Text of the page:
Kennon Road to Baguio in Baguio City - Philippines

Kennon Road is now passable only to light vehicles so that other routes to Baguio City, like Naguillian and Marcos Highway, are now available to all vehicle types. But once upon a time, Kennon Road was the only link to the City of Pines.

In 1900 Americans built the first road that linked Kafagway to the lowlands. Initially, they built both ends of the 30-kilometer long road at the same time. Later they saw the road had to be winding to elude clusters of mountains and make both ends meet. Thus, Kennon Road was built, along the Bued River Canyon. And in 1909 Kafagway was renamed Baguio City.

There’s a toll gate about a fourth of the way up Kennon Road near Rosario, La Union boundary, requiring a Php 15.00 (about $.30) fee each car. First, the ascent is gradual, along rice paddies and small villages. Then, steep walls of mountain sides come into view later and the ascent becomes abrupt. Kennon Road’s winding path is said to be the steepest and sharpest path to Baguio.

Then Bridal Veil Falls shows itself—a thin stream of cascading water even at summer time, somewhat similar to the splash of water from a faucet turned fully open. The falls ends up in a clear pool of, surprisingly, warm water. Bathers often stop by for a dip in the hot spring puddle. We also notice camps 3 to 6 as our ascent to Kennon Road gets more challenging and tricky.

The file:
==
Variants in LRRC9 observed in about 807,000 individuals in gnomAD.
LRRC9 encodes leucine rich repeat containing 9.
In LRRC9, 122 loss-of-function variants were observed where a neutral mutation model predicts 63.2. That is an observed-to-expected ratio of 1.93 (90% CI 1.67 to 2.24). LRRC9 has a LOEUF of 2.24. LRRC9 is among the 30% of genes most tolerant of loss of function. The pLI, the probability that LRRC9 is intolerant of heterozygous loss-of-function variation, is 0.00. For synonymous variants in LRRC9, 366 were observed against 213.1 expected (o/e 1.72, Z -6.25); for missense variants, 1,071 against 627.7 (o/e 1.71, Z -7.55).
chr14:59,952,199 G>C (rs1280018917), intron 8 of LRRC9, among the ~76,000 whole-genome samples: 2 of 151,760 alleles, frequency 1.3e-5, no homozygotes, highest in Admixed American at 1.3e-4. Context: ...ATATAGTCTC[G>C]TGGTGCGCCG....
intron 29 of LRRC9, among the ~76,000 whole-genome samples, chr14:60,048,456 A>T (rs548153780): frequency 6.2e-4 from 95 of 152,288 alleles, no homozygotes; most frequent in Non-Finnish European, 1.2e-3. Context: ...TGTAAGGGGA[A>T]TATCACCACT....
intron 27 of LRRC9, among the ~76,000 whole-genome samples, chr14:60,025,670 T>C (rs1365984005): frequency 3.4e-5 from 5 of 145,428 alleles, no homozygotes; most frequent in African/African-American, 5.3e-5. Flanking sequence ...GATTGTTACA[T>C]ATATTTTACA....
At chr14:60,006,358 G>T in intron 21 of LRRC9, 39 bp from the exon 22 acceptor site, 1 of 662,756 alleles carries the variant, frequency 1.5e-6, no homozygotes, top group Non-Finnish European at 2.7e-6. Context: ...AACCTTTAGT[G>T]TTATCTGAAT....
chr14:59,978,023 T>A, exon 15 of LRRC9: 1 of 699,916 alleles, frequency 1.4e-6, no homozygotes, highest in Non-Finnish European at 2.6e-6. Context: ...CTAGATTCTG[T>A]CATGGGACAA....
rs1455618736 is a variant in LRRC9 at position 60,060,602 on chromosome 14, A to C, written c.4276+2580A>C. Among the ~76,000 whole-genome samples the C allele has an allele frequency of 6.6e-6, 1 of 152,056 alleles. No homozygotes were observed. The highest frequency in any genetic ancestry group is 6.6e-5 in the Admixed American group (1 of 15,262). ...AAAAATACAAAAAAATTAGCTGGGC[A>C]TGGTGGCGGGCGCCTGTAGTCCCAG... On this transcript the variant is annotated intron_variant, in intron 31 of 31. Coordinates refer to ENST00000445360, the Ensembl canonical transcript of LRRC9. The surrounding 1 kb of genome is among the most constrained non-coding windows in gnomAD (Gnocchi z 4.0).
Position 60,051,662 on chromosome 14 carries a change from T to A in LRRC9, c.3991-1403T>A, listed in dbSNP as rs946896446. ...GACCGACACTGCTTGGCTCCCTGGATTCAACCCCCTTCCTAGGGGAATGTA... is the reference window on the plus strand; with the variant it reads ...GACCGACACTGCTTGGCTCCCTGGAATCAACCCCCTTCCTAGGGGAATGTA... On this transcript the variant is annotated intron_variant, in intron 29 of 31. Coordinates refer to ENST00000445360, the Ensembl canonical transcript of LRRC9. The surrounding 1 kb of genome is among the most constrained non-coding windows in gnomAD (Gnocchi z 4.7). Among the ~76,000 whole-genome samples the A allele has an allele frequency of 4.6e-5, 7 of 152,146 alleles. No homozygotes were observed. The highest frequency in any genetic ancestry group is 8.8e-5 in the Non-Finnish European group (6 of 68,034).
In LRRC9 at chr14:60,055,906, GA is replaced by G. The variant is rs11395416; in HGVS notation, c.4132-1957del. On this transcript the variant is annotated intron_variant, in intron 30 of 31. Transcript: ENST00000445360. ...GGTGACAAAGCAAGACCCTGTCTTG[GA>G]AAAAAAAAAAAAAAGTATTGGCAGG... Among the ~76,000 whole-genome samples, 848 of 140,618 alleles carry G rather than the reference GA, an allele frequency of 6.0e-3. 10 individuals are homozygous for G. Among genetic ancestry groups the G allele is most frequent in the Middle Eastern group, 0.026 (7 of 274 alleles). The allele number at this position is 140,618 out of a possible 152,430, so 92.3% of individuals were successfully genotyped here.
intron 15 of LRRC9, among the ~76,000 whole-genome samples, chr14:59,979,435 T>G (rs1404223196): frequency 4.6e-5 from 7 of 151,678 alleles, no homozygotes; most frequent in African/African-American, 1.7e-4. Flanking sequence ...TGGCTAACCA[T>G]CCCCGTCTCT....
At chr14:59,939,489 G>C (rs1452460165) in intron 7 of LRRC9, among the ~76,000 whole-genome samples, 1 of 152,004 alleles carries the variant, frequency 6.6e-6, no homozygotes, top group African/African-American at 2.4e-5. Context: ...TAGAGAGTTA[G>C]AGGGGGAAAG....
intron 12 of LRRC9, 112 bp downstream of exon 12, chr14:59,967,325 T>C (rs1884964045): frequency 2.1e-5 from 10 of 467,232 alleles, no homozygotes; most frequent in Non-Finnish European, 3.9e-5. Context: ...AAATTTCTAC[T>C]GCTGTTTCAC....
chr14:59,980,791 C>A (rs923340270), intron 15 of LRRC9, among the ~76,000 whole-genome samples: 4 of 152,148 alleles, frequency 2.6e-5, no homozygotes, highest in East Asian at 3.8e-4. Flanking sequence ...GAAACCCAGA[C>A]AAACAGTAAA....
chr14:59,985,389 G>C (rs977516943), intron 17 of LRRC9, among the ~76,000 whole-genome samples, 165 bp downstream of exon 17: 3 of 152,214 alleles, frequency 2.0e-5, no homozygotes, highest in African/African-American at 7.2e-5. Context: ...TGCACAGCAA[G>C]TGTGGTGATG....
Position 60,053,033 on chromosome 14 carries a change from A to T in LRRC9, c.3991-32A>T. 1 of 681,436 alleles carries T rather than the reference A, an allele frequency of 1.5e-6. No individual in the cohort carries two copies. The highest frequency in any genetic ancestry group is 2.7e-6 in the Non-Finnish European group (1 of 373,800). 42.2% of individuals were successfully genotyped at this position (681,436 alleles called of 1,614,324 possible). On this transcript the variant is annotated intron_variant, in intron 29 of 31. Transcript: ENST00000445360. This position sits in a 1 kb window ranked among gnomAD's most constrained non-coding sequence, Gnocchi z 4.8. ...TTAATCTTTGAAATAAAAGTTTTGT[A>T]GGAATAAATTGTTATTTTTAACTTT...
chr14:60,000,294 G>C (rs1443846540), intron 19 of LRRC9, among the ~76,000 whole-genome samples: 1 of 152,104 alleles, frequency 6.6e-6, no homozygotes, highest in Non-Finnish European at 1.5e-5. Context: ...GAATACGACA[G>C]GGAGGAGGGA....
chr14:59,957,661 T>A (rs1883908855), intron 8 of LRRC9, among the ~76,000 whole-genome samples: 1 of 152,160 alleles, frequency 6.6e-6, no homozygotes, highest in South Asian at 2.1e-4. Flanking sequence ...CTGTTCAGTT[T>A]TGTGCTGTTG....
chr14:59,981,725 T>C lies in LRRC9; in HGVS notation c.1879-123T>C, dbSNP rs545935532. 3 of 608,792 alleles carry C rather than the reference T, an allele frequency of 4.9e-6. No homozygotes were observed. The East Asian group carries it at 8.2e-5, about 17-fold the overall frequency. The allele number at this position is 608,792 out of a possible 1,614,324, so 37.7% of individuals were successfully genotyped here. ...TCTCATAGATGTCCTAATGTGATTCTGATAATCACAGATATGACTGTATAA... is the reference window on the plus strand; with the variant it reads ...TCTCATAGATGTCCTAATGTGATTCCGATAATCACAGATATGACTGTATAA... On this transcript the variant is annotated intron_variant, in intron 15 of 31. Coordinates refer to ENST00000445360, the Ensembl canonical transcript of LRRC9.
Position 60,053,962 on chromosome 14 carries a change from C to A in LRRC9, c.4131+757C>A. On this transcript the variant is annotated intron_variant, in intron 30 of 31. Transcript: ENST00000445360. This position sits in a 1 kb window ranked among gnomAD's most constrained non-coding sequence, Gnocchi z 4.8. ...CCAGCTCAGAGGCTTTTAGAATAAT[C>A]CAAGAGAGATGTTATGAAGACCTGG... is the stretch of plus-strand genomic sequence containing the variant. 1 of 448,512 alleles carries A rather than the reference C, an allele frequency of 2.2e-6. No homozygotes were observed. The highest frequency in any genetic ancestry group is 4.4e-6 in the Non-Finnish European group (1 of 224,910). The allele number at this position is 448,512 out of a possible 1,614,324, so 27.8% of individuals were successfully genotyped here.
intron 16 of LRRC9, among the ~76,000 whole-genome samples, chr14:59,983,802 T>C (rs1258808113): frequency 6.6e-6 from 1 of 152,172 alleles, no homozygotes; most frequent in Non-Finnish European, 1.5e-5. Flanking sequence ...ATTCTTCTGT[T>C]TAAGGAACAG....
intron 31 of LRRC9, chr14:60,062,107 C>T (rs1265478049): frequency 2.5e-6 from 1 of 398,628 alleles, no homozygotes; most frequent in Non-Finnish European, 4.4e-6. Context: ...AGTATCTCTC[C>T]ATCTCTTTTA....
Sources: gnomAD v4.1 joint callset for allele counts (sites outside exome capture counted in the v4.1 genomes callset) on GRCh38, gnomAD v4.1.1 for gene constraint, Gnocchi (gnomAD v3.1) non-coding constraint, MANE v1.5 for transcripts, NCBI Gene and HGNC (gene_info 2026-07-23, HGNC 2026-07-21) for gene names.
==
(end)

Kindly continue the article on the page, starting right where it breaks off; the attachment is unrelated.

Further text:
When the turns get crazily sharp, that’s the point at the Kennon Road where we’re almost at the Lion’s head. There are actually two of them—the smaller one carved by nature and the bigger one carved by man and sponsored by the Baguio Lion’s Club.

The bigger one has a view deck beside it, colorful, of lime stone, and near a souvenir stall. The original one is still there. The Lion’s head has become a popular symbol of Kennon Road and is always associated with Baguio City. A few more turns from there, past camp 8, and the 45-minute trek up Kennon Road ends.

We enter the city through the intersection at Baguio Medical Center and take Gov. Pack Road to the city proper. Kennon Road, revealing nothing but huge rocks, mountains, and greens, dramatically uncovers a sprawling and thriving city on a mountain plateau which is more exhilarating to see at night.

Kennon Road is still the best path to take up Baguio City to visitors who have grown fond of its humble beginnings.




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